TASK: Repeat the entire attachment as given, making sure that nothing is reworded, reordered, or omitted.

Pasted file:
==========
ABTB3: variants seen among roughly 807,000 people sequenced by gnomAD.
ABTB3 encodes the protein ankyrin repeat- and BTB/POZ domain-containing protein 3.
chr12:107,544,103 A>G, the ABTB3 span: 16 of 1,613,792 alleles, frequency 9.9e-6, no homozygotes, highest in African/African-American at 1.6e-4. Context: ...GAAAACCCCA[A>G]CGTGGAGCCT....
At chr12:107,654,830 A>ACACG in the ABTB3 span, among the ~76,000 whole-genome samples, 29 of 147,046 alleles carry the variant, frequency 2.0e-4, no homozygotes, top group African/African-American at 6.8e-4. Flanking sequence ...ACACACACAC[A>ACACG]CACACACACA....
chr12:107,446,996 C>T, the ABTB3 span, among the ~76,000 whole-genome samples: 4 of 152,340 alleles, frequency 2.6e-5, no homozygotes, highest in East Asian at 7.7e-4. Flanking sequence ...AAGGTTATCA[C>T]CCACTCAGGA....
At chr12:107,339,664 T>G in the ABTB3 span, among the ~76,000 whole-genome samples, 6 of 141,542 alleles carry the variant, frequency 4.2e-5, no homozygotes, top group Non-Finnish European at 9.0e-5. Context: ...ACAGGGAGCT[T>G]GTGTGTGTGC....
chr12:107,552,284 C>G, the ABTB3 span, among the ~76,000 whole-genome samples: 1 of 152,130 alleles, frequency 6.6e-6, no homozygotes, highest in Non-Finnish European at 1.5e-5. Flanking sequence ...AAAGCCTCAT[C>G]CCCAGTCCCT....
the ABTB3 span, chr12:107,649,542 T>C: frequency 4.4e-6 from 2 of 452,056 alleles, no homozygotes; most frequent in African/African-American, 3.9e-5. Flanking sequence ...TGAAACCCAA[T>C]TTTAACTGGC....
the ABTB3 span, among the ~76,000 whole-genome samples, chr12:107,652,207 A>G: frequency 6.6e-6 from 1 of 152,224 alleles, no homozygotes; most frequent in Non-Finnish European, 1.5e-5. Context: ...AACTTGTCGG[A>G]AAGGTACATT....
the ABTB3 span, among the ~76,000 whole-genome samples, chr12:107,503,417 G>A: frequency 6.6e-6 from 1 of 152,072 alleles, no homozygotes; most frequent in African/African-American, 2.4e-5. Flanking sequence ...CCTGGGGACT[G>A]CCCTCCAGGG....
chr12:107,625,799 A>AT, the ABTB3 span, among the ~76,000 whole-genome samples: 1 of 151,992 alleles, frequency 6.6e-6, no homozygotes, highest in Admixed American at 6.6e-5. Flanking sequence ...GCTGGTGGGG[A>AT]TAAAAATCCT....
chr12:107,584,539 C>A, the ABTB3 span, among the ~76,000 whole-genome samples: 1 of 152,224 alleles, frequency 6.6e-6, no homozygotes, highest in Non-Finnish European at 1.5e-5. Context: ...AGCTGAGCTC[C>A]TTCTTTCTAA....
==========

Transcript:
ABTB3: variants seen among roughly 807,000 people sequenced by gnomAD.
ABTB3 encodes the protein ankyrin repeat- and BTB/POZ domain-containing protein 3.
chr12:107,544,103 A>G, the ABTB3 span: 16 of 1,613,792 alleles, frequency 9.9e-6, no homozygotes, highest in African/African-American at 1.6e-4. Context: ...GAAAACCCCA[A>G]CGTGGAGCCT....
At chr12:107,654,830 A>ACACG in the ABTB3 span, among the ~76,000 whole-genome samples, 29 of 147,046 alleles carry the variant, frequency 2.0e-4, no homozygotes, top group African/African-American at 6.8e-4. Flanking sequence ...ACACACACAC[A>ACACG]CACACACACA....
chr12:107,446,996 C>T, the ABTB3 span, among the ~76,000 whole-genome samples: 4 of 152,340 alleles, frequency 2.6e-5, no homozygotes, highest in East Asian at 7.7e-4. Flanking sequence ...AAGGTTATCA[C>T]CCACTCAGGA....
At chr12:107,339,664 T>G in the ABTB3 span, among the ~76,000 whole-genome samples, 6 of 141,542 alleles carry the variant, frequency 4.2e-5, no homozygotes, top group Non-Finnish European at 9.0e-5. Context: ...ACAGGGAGCT[T>G]GTGTGTGTGC....
chr12:107,552,284 C>G, the ABTB3 span, among the ~76,000 whole-genome samples: 1 of 152,130 alleles, frequency 6.6e-6, no homozygotes, highest in Non-Finnish European at 1.5e-5. Flanking sequence ...AAAGCCTCAT[C>G]CCCAGTCCCT....
the ABTB3 span, chr12:107,649,542 T>C: frequency 4.4e-6 from 2 of 452,056 alleles, no homozygotes; most frequent in African/African-American, 3.9e-5. Flanking sequence ...TGAAACCCAA[T>C]TTTAACTGGC....
the ABTB3 span, among the ~76,000 whole-genome samples, chr12:107,652,207 A>G: frequency 6.6e-6 from 1 of 152,224 alleles, no homozygotes; most frequent in Non-Finnish European, 1.5e-5. Context: ...AACTTGTCGG[A>G]AAGGTACATT....
the ABTB3 span, among the ~76,000 whole-genome samples, chr12:107,503,417 G>A: frequency 6.6e-6 from 1 of 152,072 alleles, no homozygotes; most frequent in African/African-American, 2.4e-5. Flanking sequence ...CCTGGGGACT[G>A]CCCTCCAGGG....
chr12:107,625,799 A>AT, the ABTB3 span, among the ~76,000 whole-genome samples: 1 of 151,992 alleles, frequency 6.6e-6, no homozygotes, highest in Admixed American at 6.6e-5. Flanking sequence ...GCTGGTGGGG[A>AT]TAAAAATCCT....
chr12:107,584,539 C>A, the ABTB3 span, among the ~76,000 whole-genome samples: 1 of 152,224 alleles, frequency 6.6e-6, no homozygotes, highest in Non-Finnish European at 1.5e-5. Context: ...AGCTGAGCTC[C>A]TTCTTTCTAA....